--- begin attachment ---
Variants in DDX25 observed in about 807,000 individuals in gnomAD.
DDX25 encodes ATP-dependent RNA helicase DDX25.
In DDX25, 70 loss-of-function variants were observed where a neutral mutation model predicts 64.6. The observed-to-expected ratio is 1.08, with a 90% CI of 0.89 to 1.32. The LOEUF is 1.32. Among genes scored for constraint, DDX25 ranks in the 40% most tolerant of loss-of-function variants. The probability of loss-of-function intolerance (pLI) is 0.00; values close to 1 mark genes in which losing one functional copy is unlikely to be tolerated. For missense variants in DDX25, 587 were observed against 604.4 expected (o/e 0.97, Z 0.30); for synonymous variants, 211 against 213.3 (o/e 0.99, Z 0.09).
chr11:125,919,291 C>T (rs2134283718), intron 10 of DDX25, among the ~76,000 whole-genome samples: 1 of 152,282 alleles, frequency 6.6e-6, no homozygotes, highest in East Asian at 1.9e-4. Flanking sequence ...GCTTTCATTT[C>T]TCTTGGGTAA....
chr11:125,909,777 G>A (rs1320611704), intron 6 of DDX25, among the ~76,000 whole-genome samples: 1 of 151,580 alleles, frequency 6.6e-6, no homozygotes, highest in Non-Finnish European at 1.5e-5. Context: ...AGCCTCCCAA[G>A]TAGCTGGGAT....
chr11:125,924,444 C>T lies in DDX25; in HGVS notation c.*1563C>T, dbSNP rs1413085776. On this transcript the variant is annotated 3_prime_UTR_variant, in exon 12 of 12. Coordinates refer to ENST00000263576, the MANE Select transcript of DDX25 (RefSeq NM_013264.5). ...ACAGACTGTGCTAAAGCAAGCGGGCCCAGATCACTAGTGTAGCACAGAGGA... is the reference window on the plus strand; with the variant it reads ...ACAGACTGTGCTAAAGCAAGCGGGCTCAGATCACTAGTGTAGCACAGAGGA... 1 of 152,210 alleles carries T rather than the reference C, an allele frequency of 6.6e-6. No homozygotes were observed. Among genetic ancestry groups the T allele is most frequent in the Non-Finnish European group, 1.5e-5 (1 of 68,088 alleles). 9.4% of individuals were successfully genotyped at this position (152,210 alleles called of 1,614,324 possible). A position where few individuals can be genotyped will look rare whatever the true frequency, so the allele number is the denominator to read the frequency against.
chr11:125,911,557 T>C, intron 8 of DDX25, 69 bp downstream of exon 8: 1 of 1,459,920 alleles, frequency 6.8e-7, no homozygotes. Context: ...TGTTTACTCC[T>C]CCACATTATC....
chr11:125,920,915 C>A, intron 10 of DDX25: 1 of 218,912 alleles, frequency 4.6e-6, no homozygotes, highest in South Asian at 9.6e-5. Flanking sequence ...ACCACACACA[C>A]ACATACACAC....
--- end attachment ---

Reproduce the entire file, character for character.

Variants in DDX25 observed in about 807,000 individuals in gnomAD.
DDX25 encodes ATP-dependent RNA helicase DDX25.
In DDX25, 70 loss-of-function variants were observed where a neutral mutation model predicts 64.6. The observed-to-expected ratio is 1.08, with a 90% CI of 0.89 to 1.32. The LOEUF is 1.32. Among genes scored for constraint, DDX25 ranks in the 40% most tolerant of loss-of-function variants. The probability of loss-of-function intolerance (pLI) is 0.00; values close to 1 mark genes in which losing one functional copy is unlikely to be tolerated. For missense variants in DDX25, 587 were observed against 604.4 expected (o/e 0.97, Z 0.30); for synonymous variants, 211 against 213.3 (o/e 0.99, Z 0.09).
chr11:125,919,291 C>T (rs2134283718), intron 10 of DDX25, among the ~76,000 whole-genome samples: 1 of 152,282 alleles, frequency 6.6e-6, no homozygotes, highest in East Asian at 1.9e-4. Flanking sequence ...GCTTTCATTT[C>T]TCTTGGGTAA....
chr11:125,909,777 G>A (rs1320611704), intron 6 of DDX25, among the ~76,000 whole-genome samples: 1 of 151,580 alleles, frequency 6.6e-6, no homozygotes, highest in Non-Finnish European at 1.5e-5. Context: ...AGCCTCCCAA[G>A]TAGCTGGGAT....
chr11:125,924,444 C>T lies in DDX25; in HGVS notation c.*1563C>T, dbSNP rs1413085776. On this transcript the variant is annotated 3_prime_UTR_variant, in exon 12 of 12. Coordinates refer to ENST00000263576, the MANE Select transcript of DDX25 (RefSeq NM_013264.5). ...ACAGACTGTGCTAAAGCAAGCGGGCCCAGATCACTAGTGTAGCACAGAGGA... is the reference window on the plus strand; with the variant it reads ...ACAGACTGTGCTAAAGCAAGCGGGCTCAGATCACTAGTGTAGCACAGAGGA... 1 of 152,210 alleles carries T rather than the reference C, an allele frequency of 6.6e-6. No homozygotes were observed. Among genetic ancestry groups the T allele is most frequent in the Non-Finnish European group, 1.5e-5 (1 of 68,088 alleles). 9.4% of individuals were successfully genotyped at this position (152,210 alleles called of 1,614,324 possible). A position where few individuals can be genotyped will look rare whatever the true frequency, so the allele number is the denominator to read the frequency against.
chr11:125,911,557 T>C, intron 8 of DDX25, 69 bp downstream of exon 8: 1 of 1,459,920 alleles, frequency 6.8e-7, no homozygotes. Context: ...TGTTTACTCC[T>C]CCACATTATC....
chr11:125,920,915 C>A, intron 10 of DDX25: 1 of 218,912 alleles, frequency 4.6e-6, no homozygotes, highest in South Asian at 9.6e-5. Flanking sequence ...ACCACACACA[C>A]ACATACACAC....